Professor Fawaz A. Gerges is a Professor of International Relations at LSE where he also holds the Chair in Contemporary Middle Eastern Studies.
Areas of expertise
- Islam and the political process
- Islamist movements and jihadist groups
- The Arab-Israeli conflict
- State and society in the Middle East
- Political risk in the Middle East
- Foreign policies of Middle Eastern States
- America and the Muslim world
- Oil, religion and politics
Professor Fawaz A. Gerges is a Professor of International Relations at the London School of Economics and Political Science where he also holds the Chair in Contemporary Middle Eastern Studies. He was the LSE’s inaugural Director of the Middle East Centre from 2010 until 2013. He earned a doctorate from Oxford University and M.Sc. from the London School of Economics and Political Science. He has taught at Oxford, Harvard, and Columbia, and was a research scholar at Princeton and chairholder at Sarah Lawrence College, New York. He has been the recipient of a MacArthur, Fullbright and Carnegie Fellowships and his books have been translated into a number of foreign languages.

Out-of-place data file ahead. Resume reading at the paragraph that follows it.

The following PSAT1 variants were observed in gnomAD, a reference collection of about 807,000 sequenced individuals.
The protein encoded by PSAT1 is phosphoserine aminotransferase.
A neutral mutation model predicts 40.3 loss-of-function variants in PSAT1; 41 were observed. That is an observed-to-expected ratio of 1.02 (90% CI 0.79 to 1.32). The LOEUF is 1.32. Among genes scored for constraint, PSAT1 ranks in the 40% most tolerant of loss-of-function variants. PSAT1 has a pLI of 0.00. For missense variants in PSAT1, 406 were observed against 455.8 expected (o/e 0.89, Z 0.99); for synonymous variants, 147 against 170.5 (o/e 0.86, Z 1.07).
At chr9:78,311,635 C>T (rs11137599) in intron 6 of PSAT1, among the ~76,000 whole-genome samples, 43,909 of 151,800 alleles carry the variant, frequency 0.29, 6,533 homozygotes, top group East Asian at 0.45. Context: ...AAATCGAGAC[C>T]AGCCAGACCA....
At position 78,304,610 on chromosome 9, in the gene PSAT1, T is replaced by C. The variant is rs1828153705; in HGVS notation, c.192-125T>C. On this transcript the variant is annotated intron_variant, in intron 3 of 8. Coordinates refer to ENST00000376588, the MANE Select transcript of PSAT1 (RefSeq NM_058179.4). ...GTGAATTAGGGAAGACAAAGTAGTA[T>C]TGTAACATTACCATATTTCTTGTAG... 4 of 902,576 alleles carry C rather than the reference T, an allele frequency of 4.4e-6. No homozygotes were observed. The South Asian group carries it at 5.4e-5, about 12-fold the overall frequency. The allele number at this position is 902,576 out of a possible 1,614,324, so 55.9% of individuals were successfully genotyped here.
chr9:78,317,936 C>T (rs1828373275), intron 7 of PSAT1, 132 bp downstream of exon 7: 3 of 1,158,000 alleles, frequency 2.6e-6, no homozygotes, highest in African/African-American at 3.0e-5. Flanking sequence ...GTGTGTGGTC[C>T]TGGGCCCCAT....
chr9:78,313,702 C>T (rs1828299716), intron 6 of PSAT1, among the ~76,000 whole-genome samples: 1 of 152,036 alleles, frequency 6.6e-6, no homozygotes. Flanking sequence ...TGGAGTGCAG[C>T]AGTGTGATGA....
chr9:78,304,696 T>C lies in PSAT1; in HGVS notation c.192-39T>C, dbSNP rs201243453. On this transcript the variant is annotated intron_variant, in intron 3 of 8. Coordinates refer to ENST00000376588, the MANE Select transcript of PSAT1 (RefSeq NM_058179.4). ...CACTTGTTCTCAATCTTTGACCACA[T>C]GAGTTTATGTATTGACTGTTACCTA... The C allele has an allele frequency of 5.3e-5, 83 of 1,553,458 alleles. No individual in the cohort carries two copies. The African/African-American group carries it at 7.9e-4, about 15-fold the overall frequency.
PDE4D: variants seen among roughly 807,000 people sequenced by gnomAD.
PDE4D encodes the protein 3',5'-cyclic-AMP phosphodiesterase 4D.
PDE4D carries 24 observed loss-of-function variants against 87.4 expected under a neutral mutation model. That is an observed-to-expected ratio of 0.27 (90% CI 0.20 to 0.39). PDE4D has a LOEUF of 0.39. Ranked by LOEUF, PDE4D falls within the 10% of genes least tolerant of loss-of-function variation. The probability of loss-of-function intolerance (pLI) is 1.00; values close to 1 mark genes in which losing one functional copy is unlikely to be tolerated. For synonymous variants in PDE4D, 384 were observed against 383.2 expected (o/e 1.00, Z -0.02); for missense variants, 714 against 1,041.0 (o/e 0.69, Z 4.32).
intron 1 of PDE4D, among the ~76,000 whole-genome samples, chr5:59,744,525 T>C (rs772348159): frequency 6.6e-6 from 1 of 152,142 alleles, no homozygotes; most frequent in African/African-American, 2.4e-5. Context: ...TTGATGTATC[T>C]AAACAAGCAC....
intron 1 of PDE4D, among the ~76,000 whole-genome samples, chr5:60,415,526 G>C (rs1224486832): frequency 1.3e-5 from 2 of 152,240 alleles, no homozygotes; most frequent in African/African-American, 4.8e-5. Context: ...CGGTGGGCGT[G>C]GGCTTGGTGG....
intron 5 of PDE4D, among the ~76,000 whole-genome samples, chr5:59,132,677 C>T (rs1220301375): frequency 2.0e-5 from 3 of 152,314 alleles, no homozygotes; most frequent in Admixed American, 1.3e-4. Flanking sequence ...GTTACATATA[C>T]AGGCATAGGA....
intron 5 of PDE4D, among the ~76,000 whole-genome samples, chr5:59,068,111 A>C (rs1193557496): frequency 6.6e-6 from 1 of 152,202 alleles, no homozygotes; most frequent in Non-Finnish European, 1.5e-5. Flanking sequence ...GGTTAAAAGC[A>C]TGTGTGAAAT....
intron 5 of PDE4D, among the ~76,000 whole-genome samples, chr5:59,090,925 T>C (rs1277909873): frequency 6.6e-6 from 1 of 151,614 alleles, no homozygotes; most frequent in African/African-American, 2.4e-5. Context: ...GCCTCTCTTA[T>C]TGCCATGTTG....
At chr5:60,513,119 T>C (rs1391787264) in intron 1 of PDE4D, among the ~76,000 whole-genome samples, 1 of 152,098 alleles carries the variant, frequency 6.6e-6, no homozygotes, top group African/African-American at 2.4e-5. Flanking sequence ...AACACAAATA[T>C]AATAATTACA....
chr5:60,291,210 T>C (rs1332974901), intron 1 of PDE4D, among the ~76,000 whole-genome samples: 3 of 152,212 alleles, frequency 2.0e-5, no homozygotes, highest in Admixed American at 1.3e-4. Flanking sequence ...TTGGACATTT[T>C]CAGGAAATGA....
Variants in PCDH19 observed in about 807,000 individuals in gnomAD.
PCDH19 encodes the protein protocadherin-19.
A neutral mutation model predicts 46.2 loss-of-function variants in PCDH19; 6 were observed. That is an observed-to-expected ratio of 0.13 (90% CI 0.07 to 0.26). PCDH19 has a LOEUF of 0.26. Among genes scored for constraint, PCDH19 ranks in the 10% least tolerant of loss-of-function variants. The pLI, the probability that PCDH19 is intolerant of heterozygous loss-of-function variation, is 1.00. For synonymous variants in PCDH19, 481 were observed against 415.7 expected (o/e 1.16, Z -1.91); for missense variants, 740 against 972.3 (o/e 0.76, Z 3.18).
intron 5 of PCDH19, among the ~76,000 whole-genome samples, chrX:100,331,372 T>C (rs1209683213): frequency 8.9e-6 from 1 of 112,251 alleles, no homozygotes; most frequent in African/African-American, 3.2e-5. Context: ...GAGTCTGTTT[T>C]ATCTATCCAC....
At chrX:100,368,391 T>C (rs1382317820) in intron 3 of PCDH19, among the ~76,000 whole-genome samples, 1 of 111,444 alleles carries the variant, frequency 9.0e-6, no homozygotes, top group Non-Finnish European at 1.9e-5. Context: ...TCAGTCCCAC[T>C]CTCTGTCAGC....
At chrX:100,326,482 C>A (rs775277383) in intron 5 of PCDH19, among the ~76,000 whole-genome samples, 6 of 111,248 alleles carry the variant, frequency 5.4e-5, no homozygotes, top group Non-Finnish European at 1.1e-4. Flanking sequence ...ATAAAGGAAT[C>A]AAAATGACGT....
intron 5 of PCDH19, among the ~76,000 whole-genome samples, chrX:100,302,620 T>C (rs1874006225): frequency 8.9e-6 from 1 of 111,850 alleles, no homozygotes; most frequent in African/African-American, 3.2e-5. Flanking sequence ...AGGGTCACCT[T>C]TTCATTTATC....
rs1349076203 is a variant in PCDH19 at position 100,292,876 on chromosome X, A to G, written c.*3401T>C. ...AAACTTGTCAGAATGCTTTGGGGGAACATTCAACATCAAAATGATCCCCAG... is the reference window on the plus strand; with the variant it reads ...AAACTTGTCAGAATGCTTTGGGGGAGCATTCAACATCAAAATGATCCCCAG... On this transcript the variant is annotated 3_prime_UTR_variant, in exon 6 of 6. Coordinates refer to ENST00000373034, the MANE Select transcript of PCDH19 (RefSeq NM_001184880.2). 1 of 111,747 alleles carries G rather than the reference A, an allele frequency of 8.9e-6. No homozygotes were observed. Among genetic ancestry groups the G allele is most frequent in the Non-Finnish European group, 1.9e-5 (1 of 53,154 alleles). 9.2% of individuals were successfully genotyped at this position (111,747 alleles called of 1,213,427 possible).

His articles have appeared in The New York Times, The Washington Post, The Los Angeles Times, The Christian Science Monitor, International Herald Tribune, The Baltimore Sun, The Guardian, The Independent, Foreign Affairs, Foreign Policy, Newsweek, Middle East Journal, Survival, and many others.
Gerges has given hundreds of TV and radio interviews for top talk and news shows and programmes on various media outlets throughout the world, including BBC, Sky, CNN, ABC, PBS, CBS, NBC, MSNBC, NPR, CBC, and Aljazeera. He speaks on topics relating to the international relations of the Middle East, the political economy of the Middle East, oil, religion and political authoritarianism, risk analysis, Islam and the political process, mainstream Islamist movements and jihadist groups (like the Muslim Brotherhood, Al Qaeda, and ISIS); Arab politics and Muslim politics in the 20th century, state and society in the region, the Arab-Israeli conflict, American foreign policy towards the Muslim world, the modern history of the Middle East, history of conflict, diplomacy and foreign policy, and historical sociology.